6. Think about your tactics for ensuring that you always have enough cash at hand to pay those immutable obligations.

Cash flow for Early Stage businesses.

As a footnote, it is worth noting that start-ups and early stage businesses face a few different challenges, namely:

  • Generating reliable and consistent revenue and cash flow can take time to establish and the need for appropriate cash reserves, a ‘runway’, is a necessity to drive the business forward.
  • Because of lack of history and credibility in the market, early stage businesses often struggle to get credit terms from suppliers; usually needing to pay cash-with-order for their supplies, for MOQs that are larger than their immediate need, and therefore end up with more stock than they want.
  • Similarly, access to bank funding may be difficult due to the same lack of history and track-record.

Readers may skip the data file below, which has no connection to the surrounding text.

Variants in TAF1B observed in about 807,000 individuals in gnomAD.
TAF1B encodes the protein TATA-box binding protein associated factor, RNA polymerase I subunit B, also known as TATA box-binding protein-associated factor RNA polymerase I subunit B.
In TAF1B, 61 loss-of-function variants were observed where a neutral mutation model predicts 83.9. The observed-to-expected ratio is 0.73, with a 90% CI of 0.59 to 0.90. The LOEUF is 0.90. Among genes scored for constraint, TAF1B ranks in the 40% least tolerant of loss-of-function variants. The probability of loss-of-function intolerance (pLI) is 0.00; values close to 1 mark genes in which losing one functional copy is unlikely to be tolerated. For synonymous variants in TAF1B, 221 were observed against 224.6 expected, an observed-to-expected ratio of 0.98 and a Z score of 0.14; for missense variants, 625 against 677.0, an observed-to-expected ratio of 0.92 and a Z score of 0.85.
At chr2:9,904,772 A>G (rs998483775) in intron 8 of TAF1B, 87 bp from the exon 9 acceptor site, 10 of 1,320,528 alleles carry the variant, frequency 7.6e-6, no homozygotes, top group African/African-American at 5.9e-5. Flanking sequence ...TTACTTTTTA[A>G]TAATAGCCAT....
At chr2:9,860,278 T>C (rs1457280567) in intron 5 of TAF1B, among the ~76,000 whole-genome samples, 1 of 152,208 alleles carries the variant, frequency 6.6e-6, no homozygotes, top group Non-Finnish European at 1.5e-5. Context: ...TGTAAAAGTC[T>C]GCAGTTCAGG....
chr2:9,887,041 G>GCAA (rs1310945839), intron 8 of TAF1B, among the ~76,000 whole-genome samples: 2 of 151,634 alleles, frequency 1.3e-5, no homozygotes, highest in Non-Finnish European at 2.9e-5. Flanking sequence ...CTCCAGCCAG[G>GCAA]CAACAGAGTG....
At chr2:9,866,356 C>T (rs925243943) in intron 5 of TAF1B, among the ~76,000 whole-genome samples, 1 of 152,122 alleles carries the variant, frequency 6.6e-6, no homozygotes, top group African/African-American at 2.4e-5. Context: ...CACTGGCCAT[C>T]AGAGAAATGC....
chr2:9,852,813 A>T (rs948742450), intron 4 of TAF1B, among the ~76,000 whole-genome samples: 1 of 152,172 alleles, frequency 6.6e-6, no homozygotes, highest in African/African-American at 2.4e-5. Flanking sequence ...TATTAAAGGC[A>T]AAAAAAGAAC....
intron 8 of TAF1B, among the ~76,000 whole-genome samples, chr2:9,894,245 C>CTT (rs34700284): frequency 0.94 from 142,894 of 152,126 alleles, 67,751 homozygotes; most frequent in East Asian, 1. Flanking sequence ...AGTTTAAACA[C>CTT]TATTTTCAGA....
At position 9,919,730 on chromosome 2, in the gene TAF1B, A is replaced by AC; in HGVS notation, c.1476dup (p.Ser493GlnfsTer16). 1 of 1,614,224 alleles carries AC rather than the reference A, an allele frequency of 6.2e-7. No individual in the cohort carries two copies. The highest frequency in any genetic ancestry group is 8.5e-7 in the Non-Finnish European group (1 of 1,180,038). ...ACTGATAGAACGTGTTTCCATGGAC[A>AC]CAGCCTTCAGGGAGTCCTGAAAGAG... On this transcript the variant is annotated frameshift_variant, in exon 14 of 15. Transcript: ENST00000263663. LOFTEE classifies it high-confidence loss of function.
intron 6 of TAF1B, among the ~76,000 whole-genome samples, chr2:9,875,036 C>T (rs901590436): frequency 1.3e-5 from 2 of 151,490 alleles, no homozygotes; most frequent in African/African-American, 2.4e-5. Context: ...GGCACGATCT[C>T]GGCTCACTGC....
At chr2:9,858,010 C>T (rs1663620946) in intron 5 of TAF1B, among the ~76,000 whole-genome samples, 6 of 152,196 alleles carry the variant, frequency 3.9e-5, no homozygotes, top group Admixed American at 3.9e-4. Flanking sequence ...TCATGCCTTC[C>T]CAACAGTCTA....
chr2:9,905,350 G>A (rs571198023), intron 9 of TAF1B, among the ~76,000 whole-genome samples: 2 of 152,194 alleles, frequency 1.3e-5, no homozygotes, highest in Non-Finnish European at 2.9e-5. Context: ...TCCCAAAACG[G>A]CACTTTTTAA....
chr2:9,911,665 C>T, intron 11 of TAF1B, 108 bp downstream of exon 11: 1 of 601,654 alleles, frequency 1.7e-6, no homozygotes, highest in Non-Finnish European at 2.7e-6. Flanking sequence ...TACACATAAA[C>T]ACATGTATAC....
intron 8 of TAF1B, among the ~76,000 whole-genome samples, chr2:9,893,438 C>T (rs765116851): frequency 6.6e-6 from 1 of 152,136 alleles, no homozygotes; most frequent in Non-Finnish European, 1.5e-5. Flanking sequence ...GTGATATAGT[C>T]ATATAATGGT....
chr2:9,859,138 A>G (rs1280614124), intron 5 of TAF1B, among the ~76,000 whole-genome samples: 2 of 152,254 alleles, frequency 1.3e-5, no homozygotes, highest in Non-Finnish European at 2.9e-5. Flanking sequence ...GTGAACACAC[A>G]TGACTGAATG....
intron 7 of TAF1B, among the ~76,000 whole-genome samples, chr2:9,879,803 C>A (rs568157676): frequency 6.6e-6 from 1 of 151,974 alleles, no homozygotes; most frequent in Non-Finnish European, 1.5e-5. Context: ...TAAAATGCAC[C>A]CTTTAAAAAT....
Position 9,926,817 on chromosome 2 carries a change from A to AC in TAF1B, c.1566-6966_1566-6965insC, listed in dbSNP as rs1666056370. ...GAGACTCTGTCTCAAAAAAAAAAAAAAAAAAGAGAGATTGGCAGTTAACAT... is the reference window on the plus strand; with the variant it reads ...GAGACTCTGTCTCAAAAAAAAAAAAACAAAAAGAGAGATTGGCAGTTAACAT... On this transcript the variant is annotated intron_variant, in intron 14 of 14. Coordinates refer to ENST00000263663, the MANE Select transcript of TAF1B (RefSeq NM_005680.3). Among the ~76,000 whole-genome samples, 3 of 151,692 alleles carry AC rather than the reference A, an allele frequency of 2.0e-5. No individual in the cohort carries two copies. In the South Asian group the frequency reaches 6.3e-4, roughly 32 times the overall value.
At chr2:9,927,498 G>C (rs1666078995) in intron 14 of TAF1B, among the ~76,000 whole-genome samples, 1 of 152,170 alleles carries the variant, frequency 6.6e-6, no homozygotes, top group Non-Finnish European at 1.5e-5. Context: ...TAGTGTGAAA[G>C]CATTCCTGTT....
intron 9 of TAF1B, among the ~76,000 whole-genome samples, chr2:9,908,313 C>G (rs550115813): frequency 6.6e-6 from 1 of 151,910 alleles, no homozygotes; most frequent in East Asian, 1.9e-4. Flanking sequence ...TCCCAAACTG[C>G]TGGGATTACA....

• In the drive to build market traction and gain sales there may be a tendency to offer payment terms and/or discounts to prospective customers.

These pressures are very strong on start-ups and early stage businesses. To address them to a certain point it is important for business founders to closely manage the resources they do have and to be able to forecast and manage their cash requirements.

In my experience, those founders who can demonstrate they are on top of their numbers, have a robust model to show to funding providers; giving a sense of confidence in understanding their business finances, will have two benefits:

  1. They will more quickly be able to access funds to develop their business
  2. They will sleep better at night, with less concern about what they don’t know.

#cashflow #businessplanning #workingcapitalmanagement

More details regarding cashflow planning can be found at www.deancraven.com

To book a 15 minute cashflow strategy diagnostic call please follow the link here.

2 thoughts on “Why businesses run out of cash